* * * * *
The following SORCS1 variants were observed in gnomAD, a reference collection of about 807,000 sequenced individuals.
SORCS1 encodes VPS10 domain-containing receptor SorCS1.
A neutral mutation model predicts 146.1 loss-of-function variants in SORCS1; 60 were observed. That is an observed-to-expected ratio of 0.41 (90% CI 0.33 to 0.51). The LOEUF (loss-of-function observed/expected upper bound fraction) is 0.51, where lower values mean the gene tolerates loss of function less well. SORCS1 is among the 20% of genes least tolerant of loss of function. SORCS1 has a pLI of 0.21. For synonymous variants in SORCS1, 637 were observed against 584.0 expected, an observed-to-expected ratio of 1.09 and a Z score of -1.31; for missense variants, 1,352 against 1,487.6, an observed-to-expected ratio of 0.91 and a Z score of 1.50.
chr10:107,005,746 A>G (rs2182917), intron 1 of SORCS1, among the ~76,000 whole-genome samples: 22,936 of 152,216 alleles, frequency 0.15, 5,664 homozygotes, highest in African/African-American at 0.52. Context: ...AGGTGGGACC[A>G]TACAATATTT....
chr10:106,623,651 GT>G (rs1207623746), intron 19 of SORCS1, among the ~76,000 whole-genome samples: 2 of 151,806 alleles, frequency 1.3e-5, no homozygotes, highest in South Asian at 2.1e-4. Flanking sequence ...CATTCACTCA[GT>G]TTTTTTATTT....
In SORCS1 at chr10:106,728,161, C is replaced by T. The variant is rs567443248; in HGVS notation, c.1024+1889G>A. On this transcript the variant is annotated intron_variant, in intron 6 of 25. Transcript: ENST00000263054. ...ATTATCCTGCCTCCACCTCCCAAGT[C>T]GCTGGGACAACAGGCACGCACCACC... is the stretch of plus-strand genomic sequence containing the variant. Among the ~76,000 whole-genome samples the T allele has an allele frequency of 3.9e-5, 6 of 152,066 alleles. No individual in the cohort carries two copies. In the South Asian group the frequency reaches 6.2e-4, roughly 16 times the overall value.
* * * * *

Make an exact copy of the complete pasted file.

The following SORCS1 variants were observed in gnomAD, a reference collection of about 807,000 sequenced individuals.
SORCS1 encodes VPS10 domain-containing receptor SorCS1.
A neutral mutation model predicts 146.1 loss-of-function variants in SORCS1; 60 were observed. That is an observed-to-expected ratio of 0.41 (90% CI 0.33 to 0.51). The LOEUF (loss-of-function observed/expected upper bound fraction) is 0.51, where lower values mean the gene tolerates loss of function less well. SORCS1 is among the 20% of genes least tolerant of loss of function. SORCS1 has a pLI of 0.21. For synonymous variants in SORCS1, 637 were observed against 584.0 expected, an observed-to-expected ratio of 1.09 and a Z score of -1.31; for missense variants, 1,352 against 1,487.6, an observed-to-expected ratio of 0.91 and a Z score of 1.50.
chr10:107,005,746 A>G (rs2182917), intron 1 of SORCS1, among the ~76,000 whole-genome samples: 22,936 of 152,216 alleles, frequency 0.15, 5,664 homozygotes, highest in African/African-American at 0.52. Context: ...AGGTGGGACC[A>G]TACAATATTT....
chr10:106,623,651 GT>G (rs1207623746), intron 19 of SORCS1, among the ~76,000 whole-genome samples: 2 of 151,806 alleles, frequency 1.3e-5, no homozygotes, highest in South Asian at 2.1e-4. Flanking sequence ...CATTCACTCA[GT>G]TTTTTTATTT....
In SORCS1 at chr10:106,728,161, C is replaced by T. The variant is rs567443248; in HGVS notation, c.1024+1889G>A. On this transcript the variant is annotated intron_variant, in intron 6 of 25. Transcript: ENST00000263054. ...ATTATCCTGCCTCCACCTCCCAAGT[C>T]GCTGGGACAACAGGCACGCACCACC... is the stretch of plus-strand genomic sequence containing the variant. Among the ~76,000 whole-genome samples the T allele has an allele frequency of 3.9e-5, 6 of 152,066 alleles. No individual in the cohort carries two copies. In the South Asian group the frequency reaches 6.2e-4, roughly 16 times the overall value.